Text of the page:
Use of physician extenders associated with increase in antidepressant prescribing in nursing homes
Research Activities, February 2011, No. 366
Depression is a common condition among elderly residents of nursing homes. Those who are depressed have an increased risk for dementia, stroke, heart disease, and even death. The prescribing of antidepressants among older nursing home residents has risen dramatically in the past decade, reveals a new study. This increase was associated with certain staffing patterns and coprescribing of other psychotropic medications. The longitudinal study looked at residents admitted to 12,556 nursing homes between 1996 and 2006. Staffing patterns were also analyzed, including the number of hours spent on site by medical directors. The use of antidepressants more than doubled from 21.9 percent in 1996 to 47.5 percent in 2006.
After controlling for a variety of factors, the researchers found that the increase in antidepressant prescribing was associated with physician extenders, nurses, and nurses' aides spending more time in the nursing homes and with residents who also received a sedative/hypnotic. However, when medical directors and physicians spent more time in the facilities, there was less likelihood of increasing antidepressant use. The prescribing of either antianxiety or antipsychotic agents also decreased the risk of increasing antidepressant use.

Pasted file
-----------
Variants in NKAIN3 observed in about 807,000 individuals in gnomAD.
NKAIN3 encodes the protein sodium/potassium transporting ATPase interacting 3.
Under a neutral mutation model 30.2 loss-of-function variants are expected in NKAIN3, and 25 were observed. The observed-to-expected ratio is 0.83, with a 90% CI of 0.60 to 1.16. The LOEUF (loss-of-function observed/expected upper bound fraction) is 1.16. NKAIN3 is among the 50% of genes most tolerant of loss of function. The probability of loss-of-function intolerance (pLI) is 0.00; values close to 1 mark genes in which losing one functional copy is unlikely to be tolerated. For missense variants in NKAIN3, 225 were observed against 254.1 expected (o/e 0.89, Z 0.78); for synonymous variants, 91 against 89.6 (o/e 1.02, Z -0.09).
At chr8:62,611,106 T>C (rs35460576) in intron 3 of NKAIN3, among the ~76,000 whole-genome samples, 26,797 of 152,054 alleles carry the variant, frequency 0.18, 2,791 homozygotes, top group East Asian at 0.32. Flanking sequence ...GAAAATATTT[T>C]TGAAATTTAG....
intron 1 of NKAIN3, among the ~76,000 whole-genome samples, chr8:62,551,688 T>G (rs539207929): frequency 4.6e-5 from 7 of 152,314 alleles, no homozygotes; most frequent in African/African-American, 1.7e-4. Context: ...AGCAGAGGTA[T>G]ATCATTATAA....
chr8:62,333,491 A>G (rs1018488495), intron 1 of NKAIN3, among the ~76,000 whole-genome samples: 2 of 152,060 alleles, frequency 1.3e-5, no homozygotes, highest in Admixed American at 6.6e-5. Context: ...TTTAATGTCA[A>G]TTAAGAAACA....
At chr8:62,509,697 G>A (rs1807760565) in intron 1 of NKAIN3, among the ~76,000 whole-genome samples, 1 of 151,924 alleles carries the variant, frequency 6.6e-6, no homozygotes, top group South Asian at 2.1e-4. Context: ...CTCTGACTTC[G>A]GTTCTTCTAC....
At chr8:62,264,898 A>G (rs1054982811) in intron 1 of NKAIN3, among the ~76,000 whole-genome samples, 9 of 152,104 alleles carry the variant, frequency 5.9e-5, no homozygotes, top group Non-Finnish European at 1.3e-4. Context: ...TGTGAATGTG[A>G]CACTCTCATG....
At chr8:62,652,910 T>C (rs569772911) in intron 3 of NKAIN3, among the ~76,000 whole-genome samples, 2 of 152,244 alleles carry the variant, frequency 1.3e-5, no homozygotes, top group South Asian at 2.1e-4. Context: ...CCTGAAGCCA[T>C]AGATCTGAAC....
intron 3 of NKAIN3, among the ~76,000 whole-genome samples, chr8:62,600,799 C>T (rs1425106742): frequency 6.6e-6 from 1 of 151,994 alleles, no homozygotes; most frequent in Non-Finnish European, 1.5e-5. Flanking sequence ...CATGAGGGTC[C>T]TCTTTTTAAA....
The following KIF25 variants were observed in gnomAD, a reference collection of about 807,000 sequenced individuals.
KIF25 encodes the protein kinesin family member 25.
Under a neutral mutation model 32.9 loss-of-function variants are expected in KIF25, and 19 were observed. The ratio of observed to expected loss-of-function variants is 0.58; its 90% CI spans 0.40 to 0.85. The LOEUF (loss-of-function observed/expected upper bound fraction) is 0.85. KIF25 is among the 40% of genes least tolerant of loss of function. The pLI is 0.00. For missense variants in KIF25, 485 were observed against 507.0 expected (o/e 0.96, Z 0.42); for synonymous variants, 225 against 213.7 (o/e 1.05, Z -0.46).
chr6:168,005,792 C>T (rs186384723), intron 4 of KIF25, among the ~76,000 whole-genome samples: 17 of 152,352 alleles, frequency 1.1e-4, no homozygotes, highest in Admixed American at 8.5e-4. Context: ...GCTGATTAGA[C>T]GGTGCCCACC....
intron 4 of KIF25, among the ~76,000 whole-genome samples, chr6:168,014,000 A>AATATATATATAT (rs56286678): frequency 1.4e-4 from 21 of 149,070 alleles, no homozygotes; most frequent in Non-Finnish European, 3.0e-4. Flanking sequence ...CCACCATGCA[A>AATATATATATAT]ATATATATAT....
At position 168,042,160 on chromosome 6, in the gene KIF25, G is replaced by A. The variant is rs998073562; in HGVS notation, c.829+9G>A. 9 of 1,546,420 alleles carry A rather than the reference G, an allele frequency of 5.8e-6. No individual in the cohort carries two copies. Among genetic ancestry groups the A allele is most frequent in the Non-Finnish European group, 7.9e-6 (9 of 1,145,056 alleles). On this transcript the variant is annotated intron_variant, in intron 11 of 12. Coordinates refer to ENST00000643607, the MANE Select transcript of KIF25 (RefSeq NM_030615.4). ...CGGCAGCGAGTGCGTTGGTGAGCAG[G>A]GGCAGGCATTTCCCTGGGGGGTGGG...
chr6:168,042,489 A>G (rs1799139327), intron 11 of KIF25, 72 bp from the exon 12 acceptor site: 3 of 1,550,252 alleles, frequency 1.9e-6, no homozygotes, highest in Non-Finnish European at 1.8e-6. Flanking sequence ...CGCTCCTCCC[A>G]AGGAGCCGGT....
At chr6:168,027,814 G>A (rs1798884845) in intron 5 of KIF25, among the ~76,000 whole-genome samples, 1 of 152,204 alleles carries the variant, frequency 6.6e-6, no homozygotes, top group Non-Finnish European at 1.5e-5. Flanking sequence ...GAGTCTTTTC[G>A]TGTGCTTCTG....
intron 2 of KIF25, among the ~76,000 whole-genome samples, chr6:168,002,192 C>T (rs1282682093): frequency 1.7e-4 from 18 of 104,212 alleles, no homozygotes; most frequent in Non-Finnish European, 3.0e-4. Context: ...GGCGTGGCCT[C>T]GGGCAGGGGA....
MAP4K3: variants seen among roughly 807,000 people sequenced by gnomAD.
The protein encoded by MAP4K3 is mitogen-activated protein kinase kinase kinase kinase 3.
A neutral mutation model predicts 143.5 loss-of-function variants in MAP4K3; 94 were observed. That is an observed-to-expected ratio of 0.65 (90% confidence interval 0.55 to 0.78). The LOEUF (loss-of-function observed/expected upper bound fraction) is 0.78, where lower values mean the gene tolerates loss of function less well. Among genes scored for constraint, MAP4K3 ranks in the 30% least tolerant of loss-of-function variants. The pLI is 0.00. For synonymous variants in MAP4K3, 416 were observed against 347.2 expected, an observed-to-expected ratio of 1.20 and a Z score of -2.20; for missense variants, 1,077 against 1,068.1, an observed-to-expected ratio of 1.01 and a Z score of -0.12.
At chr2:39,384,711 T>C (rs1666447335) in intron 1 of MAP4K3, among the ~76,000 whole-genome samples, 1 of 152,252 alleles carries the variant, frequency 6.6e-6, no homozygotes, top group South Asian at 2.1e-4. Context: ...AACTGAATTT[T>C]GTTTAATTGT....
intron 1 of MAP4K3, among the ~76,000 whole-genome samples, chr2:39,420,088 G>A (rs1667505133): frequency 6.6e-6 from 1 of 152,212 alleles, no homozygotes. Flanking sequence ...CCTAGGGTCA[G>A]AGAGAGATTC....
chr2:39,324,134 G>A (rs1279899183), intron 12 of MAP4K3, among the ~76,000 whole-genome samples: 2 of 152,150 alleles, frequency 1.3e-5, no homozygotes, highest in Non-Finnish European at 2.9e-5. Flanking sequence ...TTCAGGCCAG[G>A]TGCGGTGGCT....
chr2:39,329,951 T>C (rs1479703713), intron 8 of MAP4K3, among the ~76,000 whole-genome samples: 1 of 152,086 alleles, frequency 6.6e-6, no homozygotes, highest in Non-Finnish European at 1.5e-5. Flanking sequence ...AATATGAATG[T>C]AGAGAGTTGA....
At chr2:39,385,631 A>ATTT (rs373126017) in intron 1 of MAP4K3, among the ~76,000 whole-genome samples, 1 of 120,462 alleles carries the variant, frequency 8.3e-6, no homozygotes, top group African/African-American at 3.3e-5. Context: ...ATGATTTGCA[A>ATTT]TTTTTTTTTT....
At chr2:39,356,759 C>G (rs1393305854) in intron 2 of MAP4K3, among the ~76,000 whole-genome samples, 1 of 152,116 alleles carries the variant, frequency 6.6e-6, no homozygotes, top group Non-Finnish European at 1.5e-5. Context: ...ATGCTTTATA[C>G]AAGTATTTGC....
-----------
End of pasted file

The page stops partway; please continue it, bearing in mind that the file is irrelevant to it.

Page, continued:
It's not clear whether this increase in antidepressant prescribing is appropriate, note the researchers. They call for more interventions to improve the appropriate use of antidepressants in nursing homes. The study was supported in part by the Agency for Healthcare Research and Quality (HS17695 and HS18721).
See "Antidepressant prescribing in U.S. nursing homes between 1996 and 2006 and its relationship to staffing patterns and use of other psychotropic medications," by Joseph T. Hanlon, Pharm.D., M.S., Steven M. Handler, M.D., Ph.D., and Nicholas G. Castle, Ph.D., in the June 2010 Journal of the American Medical Directors Association 11(5), pp. 320-324.